Sinclair submits new Tribune acquisition plan outlining proposed duopolies

FCC commissioners (FCC)
Sinclair has submitted a revised Tribune acquisition proposal to the FCC. (FCC)

Sinclair is updating its proposal to purchase Tribune Media’s TV stations for $3.9 billion and including details about duopolies it wants to maintain following the merger.

According to an FCC filing, which was spotted by Broadcasting & Cable, Sinclair is now seeking to own two of the top four stations in the Greensboro-High Point Winston Salem, N.C., Harrisburg-Lancaster-Lebanon-York, Penn., and Indianapolis markets. The company also wants to retain both of its stations in Portland, Ore.

The FCC last year adjusted its rules governing broadcast ownership including the elimination of the Newspaper/Broadcast Cross-Ownership Rule, the Radio/Television Cross-Ownership Rule and the Television Joint Sales Agreement Attribution Rule. Also, the FCC voted to get rid of the eight-voices rule, which bars an entity from owning two stations in one market unless eight independent broadcasters would remain.

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The FCC will review the potential duopolies on a case-by-case basis.

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Sinclair is still planning a number of TV station divestitures in order to comply with the 39% national ownership cap for broadcasters. According to the report, Sinclair plans to sell off WGN-TV in Chicago, WPIX-TV in New York and KSWB in San Diego. The company is also looking to sell one or more stations in Seattle, Wash.; St. Louis, Mo.; Salt Lake City, Utah; Oklahoma City, Okla.; Greenboro-High Point-Winston Salem, N.C.; Grand Rapids, Mich.; Richmond, Va.; and Des Moines-Ames, Iowa.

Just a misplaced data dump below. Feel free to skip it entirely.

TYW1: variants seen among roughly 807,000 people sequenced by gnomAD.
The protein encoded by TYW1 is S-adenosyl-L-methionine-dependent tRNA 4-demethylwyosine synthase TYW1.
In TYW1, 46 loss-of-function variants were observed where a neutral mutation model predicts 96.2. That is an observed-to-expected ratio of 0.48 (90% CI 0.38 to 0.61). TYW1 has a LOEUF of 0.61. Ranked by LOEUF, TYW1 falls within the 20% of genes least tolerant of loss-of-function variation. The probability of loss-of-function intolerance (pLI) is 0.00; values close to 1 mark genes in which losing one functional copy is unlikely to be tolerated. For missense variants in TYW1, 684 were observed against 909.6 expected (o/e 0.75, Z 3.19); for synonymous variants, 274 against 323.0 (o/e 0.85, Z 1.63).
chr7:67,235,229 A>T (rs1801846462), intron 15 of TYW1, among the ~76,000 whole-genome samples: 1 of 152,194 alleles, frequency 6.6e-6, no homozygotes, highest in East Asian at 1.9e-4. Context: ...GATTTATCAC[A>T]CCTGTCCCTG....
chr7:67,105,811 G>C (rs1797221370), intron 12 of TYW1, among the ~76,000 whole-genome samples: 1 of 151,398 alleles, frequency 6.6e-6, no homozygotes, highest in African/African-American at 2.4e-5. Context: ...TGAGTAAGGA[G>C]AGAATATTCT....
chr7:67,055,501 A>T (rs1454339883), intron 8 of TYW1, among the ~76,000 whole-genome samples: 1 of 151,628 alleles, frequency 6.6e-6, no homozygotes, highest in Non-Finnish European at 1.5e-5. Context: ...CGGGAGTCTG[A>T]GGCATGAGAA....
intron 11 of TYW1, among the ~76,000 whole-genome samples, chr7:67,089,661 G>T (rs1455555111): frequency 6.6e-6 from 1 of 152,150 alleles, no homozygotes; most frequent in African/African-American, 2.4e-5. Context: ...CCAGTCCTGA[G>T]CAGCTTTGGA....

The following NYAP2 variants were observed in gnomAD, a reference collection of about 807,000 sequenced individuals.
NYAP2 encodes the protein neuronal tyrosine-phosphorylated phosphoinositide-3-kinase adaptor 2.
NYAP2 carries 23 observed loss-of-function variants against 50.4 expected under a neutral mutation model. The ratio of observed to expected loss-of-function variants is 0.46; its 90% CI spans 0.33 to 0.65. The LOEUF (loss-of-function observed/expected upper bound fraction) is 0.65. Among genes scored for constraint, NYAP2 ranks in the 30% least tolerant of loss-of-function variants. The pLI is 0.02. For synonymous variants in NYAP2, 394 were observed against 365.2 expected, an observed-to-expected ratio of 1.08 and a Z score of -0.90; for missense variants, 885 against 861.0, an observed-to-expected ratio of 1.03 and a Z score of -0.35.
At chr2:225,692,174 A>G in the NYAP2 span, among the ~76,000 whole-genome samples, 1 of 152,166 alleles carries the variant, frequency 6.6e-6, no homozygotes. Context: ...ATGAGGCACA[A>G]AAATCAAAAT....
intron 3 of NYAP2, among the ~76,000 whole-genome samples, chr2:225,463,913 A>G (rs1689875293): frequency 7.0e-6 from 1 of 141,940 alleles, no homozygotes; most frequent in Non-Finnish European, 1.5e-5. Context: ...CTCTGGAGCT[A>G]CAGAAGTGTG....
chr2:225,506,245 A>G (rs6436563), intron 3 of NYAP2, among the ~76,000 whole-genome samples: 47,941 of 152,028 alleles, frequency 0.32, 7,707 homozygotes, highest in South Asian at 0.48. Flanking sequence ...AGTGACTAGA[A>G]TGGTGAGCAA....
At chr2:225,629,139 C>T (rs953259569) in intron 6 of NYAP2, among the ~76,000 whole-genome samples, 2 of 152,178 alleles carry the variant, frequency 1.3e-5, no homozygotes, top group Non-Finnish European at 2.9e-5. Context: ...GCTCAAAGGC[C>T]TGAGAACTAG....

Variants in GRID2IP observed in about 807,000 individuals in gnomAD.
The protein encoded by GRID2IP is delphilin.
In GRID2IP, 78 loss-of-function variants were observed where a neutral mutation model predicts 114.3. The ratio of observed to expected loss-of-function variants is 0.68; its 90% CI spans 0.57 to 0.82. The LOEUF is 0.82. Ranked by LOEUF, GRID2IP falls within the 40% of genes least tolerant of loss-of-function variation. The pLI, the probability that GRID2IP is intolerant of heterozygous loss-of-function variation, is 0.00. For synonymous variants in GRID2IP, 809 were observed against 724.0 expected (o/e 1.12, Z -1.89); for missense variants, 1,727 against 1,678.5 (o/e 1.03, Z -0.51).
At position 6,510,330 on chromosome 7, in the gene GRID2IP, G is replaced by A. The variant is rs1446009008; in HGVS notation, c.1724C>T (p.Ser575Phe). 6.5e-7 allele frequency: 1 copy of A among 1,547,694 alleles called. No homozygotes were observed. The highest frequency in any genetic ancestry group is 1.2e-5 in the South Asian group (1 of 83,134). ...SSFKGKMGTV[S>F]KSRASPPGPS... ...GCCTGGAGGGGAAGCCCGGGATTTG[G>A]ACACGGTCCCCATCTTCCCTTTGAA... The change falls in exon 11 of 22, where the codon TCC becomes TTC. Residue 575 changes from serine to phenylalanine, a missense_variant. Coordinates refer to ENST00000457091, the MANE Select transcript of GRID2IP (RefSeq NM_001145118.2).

The Sinclair-Tribune deal is still under review at both the FCC and the U.S. Justice Department, which is analyzing the deal for any antitrust concerns.

Earlier this month in an SEC filing, Sinclair and Tribune said they had agreed to not consummate the merger before Jan. 30, 2018, but now that deadline has been moved to Feb. 11, 2018. Tribune and Sinclair also agreed to provide 10 days’ notice to the DOJ before closing the merger.

The development arrived after the FCC paused its review process last month.